With reminder emails, you can give your customers that gentle nudge they need and they’ll just see it as a helpful reminder that they’re about to miss out on a great deal.

Let’s see how this next example does this.

First, they start out with the subject line: Don’t miss this! Your VIP offer expires SOON.

From there, you see A Special Offer written in the heading and the entire email looks almost like a fancy invitation. But it’s not. It’s just a reminder email that works well.

Charming Charlie's special offer email for customer retention

Key takeaway: Reminder emails can be a helpful way to improve your customer retention. The trick is to only send it to those subscribers who were interested in your first offer.

How can you tell who those people are?

Anyone who opened your first email will probably be interested in a friendly reminder, as well—making this the perfect place to segment.

This exact thinking also works well for the last email example on my list.

#9: Re-engage sleepy subscribers

You may find that some of your subscribers go into hiding, and you no longer see them opening your emails or taking any action really.

Instead of letting them stay dormant, try to re-engage them.

Chances are, you may catch them at just the right moment where they realize they need you again.

Check out how well Panera does this:

Panera reengagement email

Based on recent purchases (or lack thereof in this case), Panera decided to send over an enticing offer via email.

It’s a simple deal that requires very little work on the customer’s end—they just need to show up and the discount is already activated on their reward card.

At the time of writing this, the temperatures outside were starting to drop—making it the perfect weather for soup. And the team at Panera knows this all too well.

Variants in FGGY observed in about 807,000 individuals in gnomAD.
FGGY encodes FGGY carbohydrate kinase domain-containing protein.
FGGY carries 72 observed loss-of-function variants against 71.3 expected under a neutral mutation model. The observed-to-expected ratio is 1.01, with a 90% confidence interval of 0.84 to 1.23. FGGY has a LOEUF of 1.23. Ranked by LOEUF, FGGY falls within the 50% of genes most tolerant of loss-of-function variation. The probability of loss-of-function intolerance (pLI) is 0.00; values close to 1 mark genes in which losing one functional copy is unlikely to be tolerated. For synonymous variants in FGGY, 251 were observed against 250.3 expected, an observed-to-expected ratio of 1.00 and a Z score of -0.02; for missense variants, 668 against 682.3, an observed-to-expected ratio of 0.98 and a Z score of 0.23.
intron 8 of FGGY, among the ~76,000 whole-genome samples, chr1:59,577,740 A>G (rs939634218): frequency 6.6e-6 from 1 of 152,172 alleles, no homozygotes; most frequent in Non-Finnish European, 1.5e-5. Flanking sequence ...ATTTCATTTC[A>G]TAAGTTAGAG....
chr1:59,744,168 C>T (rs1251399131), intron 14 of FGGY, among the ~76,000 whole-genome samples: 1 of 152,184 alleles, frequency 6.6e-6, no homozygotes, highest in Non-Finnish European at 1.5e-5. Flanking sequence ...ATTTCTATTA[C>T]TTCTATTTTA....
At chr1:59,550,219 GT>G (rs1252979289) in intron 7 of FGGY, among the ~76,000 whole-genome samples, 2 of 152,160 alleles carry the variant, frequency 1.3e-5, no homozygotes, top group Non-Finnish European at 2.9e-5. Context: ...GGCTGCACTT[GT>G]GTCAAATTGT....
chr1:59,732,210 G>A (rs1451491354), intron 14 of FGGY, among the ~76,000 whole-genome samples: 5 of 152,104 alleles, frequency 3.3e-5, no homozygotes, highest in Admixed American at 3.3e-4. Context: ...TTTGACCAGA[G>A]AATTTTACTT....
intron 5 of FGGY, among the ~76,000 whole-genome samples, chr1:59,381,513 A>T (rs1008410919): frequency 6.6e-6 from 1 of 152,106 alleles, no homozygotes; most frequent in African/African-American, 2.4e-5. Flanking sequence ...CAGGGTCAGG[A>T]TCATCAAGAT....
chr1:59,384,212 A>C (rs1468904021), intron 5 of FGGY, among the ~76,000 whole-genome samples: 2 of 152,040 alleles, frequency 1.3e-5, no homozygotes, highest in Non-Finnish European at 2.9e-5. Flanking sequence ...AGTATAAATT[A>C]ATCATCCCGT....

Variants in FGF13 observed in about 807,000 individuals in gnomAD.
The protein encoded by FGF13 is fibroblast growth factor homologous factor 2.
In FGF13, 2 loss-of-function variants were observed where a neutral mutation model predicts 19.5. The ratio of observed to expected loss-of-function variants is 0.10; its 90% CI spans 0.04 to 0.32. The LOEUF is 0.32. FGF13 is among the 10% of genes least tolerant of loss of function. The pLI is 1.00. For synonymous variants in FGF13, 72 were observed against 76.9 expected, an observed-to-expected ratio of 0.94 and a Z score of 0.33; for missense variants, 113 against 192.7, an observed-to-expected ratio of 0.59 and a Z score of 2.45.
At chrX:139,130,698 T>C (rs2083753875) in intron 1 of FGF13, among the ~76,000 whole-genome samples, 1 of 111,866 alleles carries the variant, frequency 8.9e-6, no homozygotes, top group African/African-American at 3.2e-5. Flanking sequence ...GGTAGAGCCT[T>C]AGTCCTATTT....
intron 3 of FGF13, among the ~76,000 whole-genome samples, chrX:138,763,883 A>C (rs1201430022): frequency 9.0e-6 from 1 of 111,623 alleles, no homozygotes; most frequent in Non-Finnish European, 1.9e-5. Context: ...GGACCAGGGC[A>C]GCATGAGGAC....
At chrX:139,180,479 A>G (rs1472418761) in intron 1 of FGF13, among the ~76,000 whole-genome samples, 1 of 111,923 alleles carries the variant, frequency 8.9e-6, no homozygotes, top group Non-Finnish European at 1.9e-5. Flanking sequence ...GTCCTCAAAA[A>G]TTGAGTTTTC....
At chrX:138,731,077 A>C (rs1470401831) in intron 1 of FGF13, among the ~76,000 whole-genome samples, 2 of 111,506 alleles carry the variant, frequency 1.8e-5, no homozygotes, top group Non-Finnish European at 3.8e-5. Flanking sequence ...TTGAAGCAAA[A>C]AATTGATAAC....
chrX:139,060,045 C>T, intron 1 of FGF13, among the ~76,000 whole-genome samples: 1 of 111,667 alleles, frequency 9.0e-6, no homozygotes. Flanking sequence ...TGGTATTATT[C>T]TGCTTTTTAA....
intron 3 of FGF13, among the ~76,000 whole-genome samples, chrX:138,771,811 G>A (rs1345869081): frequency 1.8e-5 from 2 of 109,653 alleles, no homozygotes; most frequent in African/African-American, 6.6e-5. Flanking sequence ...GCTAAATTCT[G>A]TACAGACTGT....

By dropping off a pre-loaded coupon for a soup special that someone may already want during this time of the year, they’re re-engaging a customer who may not have woken up otherwise.

Key takeaway: Remember, it’s cheaper to retain a customer than it is to acquire one so it pays to knock out an email like this one right away.

Be sure to segment it to your customers who have not made a purchase in a while and you’ll be in good shape.

One thing to keep in mind when attempting to re-engage customers who haven’t interacted with your brand:

It's worth implementing a cleaning sequence. I have one that tracks for non-engagement over a few months triggering a re-engagement campaign. If a user doesn’t engage with the re-engagement, I unsubscribe them. Keeping them on the list only damages statistics and also can lead to you getting flagged as a spammer.

Plus most ESPs charge by sub count. Getting rid of dead subs can help save money.” - Pete Boyle, Email Marketing, PPC and Conversion Rate Optimisation Consultant

Start using emails in your customer retention strategy

Now that you understand the importance of customer retention and how email can be a great tool for this, you’re ready to create a strategy all on your own.

Begin with the essentials such as a Welcome/Activation email to start off your customer’s journey on the right foot then make your way towards more personalized ones like a birthday or exclusive offer.

Once you’re done with those, you can start tackling the re-engagement emails and the more time-consuming ones such as a drip sequence.

The good news with these emails is that you can use automation here so you only have to set them up once and they’ll run on autopilot. As long as you refresh them every so often, you’ll be in good shape.

Customer retention doesn’t have to be complicated and with automated emails like these, it won’t be.

Josh is a Customer Success Engineer at Helpjuice. Helpjuice provides easy-to-use knowledge base software that guarantees less support emails and more happy customers.